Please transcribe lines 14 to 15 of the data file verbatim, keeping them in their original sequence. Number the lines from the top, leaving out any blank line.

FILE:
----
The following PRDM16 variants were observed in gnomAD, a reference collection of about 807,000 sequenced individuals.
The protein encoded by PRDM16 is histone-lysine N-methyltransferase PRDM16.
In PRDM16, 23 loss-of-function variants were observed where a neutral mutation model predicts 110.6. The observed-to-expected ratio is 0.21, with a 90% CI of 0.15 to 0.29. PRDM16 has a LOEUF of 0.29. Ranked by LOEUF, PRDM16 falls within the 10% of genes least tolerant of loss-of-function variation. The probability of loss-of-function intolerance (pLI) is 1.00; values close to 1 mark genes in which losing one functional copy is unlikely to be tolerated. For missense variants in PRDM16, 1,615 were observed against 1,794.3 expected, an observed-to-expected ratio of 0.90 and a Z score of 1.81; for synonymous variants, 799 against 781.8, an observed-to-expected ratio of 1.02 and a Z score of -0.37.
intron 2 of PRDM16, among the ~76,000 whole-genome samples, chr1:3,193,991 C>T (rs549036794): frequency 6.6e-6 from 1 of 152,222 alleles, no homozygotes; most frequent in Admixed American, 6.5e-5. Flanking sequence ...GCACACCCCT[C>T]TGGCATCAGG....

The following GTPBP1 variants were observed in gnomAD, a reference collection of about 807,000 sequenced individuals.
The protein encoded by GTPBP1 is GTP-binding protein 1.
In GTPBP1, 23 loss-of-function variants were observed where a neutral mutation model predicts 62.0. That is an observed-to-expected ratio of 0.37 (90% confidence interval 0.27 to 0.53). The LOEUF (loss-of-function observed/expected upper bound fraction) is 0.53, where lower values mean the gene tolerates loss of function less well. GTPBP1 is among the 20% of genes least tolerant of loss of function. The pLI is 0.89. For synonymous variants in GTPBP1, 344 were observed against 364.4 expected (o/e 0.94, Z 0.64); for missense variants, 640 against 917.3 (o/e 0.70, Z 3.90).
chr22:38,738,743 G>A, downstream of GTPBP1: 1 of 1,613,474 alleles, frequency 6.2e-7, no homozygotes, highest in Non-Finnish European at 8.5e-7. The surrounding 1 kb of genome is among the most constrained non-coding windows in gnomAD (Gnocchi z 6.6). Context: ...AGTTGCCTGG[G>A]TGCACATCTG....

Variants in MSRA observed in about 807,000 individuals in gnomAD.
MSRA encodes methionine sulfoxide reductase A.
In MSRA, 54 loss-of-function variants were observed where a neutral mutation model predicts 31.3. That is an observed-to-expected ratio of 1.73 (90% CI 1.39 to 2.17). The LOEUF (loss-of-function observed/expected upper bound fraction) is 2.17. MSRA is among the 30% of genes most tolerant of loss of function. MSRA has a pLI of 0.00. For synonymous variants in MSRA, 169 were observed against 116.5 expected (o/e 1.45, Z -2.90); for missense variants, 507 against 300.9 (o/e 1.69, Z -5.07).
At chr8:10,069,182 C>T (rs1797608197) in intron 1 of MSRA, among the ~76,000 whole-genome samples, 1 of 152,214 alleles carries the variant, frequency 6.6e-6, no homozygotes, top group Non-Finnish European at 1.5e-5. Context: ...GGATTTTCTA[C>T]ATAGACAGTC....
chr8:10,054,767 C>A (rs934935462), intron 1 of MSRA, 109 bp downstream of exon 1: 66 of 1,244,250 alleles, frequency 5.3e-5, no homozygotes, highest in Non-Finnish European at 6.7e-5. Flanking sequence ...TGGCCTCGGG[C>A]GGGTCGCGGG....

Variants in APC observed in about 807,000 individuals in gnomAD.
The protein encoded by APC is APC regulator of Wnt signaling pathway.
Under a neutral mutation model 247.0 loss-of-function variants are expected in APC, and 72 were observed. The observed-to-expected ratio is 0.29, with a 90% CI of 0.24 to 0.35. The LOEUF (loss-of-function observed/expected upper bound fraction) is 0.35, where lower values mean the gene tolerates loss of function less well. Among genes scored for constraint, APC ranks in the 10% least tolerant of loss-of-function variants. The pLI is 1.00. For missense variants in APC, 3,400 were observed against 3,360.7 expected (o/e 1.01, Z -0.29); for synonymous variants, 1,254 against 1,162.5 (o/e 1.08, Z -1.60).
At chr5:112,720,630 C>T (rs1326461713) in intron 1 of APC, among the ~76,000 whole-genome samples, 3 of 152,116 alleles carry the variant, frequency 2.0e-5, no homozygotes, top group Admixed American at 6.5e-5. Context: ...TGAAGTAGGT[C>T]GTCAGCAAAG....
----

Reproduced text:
Variants in APC observed in about 807,000 individuals in gnomAD.
The protein encoded by APC is APC regulator of Wnt signaling pathway.